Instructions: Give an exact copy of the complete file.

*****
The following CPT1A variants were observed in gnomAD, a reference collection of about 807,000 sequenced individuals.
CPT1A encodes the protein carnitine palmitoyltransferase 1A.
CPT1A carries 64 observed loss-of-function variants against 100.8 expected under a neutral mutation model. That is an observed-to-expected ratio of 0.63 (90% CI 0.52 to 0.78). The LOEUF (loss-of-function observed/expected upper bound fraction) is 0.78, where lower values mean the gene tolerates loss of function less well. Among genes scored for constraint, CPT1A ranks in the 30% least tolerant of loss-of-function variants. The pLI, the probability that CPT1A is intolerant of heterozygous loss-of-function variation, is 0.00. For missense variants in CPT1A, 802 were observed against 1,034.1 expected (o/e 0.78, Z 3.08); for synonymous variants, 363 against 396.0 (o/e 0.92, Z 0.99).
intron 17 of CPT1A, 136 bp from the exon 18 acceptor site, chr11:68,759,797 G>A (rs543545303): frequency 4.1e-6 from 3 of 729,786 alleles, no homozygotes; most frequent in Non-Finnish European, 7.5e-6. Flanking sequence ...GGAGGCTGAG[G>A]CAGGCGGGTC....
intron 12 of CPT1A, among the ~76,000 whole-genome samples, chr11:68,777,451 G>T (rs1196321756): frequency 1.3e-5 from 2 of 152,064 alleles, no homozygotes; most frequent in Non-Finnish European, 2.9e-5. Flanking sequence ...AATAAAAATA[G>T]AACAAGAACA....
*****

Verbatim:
The following CPT1A variants were observed in gnomAD, a reference collection of about 807,000 sequenced individuals.
CPT1A encodes the protein carnitine palmitoyltransferase 1A.
CPT1A carries 64 observed loss-of-function variants against 100.8 expected under a neutral mutation model. That is an observed-to-expected ratio of 0.63 (90% CI 0.52 to 0.78). The LOEUF (loss-of-function observed/expected upper bound fraction) is 0.78, where lower values mean the gene tolerates loss of function less well. Among genes scored for constraint, CPT1A ranks in the 30% least tolerant of loss-of-function variants. The pLI, the probability that CPT1A is intolerant of heterozygous loss-of-function variation, is 0.00. For missense variants in CPT1A, 802 were observed against 1,034.1 expected (o/e 0.78, Z 3.08); for synonymous variants, 363 against 396.0 (o/e 0.92, Z 0.99).
intron 17 of CPT1A, 136 bp from the exon 18 acceptor site, chr11:68,759,797 G>A (rs543545303): frequency 4.1e-6 from 3 of 729,786 alleles, no homozygotes; most frequent in Non-Finnish European, 7.5e-6. Flanking sequence ...GGAGGCTGAG[G>A]CAGGCGGGTC....
intron 12 of CPT1A, among the ~76,000 whole-genome samples, chr11:68,777,451 G>T (rs1196321756): frequency 1.3e-5 from 2 of 152,064 alleles, no homozygotes; most frequent in Non-Finnish European, 2.9e-5. Flanking sequence ...AATAAAAATA[G>T]AACAAGAACA....